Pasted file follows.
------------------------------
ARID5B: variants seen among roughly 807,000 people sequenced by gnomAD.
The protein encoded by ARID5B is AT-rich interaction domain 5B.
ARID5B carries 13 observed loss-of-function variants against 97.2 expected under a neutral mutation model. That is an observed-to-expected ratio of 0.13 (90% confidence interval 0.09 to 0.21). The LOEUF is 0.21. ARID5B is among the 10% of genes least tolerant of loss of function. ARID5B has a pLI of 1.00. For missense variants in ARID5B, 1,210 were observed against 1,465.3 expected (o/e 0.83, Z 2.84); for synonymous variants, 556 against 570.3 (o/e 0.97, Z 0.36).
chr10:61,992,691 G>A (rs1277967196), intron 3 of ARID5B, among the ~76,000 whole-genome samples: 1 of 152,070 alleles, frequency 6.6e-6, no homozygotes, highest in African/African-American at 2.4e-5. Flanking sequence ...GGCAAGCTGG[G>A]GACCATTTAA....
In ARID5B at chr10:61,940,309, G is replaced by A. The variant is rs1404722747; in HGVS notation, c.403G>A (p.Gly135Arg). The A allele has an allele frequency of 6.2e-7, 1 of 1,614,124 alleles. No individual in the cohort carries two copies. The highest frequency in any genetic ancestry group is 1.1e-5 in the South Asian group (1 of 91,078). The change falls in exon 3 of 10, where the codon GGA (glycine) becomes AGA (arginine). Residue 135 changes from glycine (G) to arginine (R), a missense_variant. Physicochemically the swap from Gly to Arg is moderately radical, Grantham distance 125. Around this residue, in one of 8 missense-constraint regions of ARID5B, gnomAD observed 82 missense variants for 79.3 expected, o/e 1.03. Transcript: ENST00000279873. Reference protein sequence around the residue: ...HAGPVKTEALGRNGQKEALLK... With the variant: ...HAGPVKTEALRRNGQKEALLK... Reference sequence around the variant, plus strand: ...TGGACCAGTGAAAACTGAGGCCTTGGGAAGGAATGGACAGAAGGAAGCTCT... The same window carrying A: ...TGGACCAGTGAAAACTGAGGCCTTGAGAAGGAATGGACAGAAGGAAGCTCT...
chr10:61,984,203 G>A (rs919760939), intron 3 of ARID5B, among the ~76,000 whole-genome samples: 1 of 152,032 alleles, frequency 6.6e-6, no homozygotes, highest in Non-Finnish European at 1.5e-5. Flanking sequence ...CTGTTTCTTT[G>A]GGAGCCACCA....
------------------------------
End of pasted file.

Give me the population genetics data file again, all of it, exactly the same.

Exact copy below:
ARID5B: variants seen among roughly 807,000 people sequenced by gnomAD.
The protein encoded by ARID5B is AT-rich interaction domain 5B.
ARID5B carries 13 observed loss-of-function variants against 97.2 expected under a neutral mutation model. That is an observed-to-expected ratio of 0.13 (90% confidence interval 0.09 to 0.21). The LOEUF is 0.21. ARID5B is among the 10% of genes least tolerant of loss of function. ARID5B has a pLI of 1.00. For missense variants in ARID5B, 1,210 were observed against 1,465.3 expected (o/e 0.83, Z 2.84); for synonymous variants, 556 against 570.3 (o/e 0.97, Z 0.36).
chr10:61,992,691 G>A (rs1277967196), intron 3 of ARID5B, among the ~76,000 whole-genome samples: 1 of 152,070 alleles, frequency 6.6e-6, no homozygotes, highest in African/African-American at 2.4e-5. Flanking sequence ...GGCAAGCTGG[G>A]GACCATTTAA....
In ARID5B at chr10:61,940,309, G is replaced by A. The variant is rs1404722747; in HGVS notation, c.403G>A (p.Gly135Arg). The A allele has an allele frequency of 6.2e-7, 1 of 1,614,124 alleles. No individual in the cohort carries two copies. The highest frequency in any genetic ancestry group is 1.1e-5 in the South Asian group (1 of 91,078). The change falls in exon 3 of 10, where the codon GGA (glycine) becomes AGA (arginine). Residue 135 changes from glycine (G) to arginine (R), a missense_variant. Physicochemically the swap from Gly to Arg is moderately radical, Grantham distance 125. Around this residue, in one of 8 missense-constraint regions of ARID5B, gnomAD observed 82 missense variants for 79.3 expected, o/e 1.03. Transcript: ENST00000279873. Reference protein sequence around the residue: ...HAGPVKTEALGRNGQKEALLK... With the variant: ...HAGPVKTEALRRNGQKEALLK... Reference sequence around the variant, plus strand: ...TGGACCAGTGAAAACTGAGGCCTTGGGAAGGAATGGACAGAAGGAAGCTCT... The same window carrying A: ...TGGACCAGTGAAAACTGAGGCCTTGAGAAGGAATGGACAGAAGGAAGCTCT...
chr10:61,984,203 G>A (rs919760939), intron 3 of ARID5B, among the ~76,000 whole-genome samples: 1 of 152,032 alleles, frequency 6.6e-6, no homozygotes, highest in Non-Finnish European at 1.5e-5. Flanking sequence ...CTGTTTCTTT[G>A]GGAGCCACCA....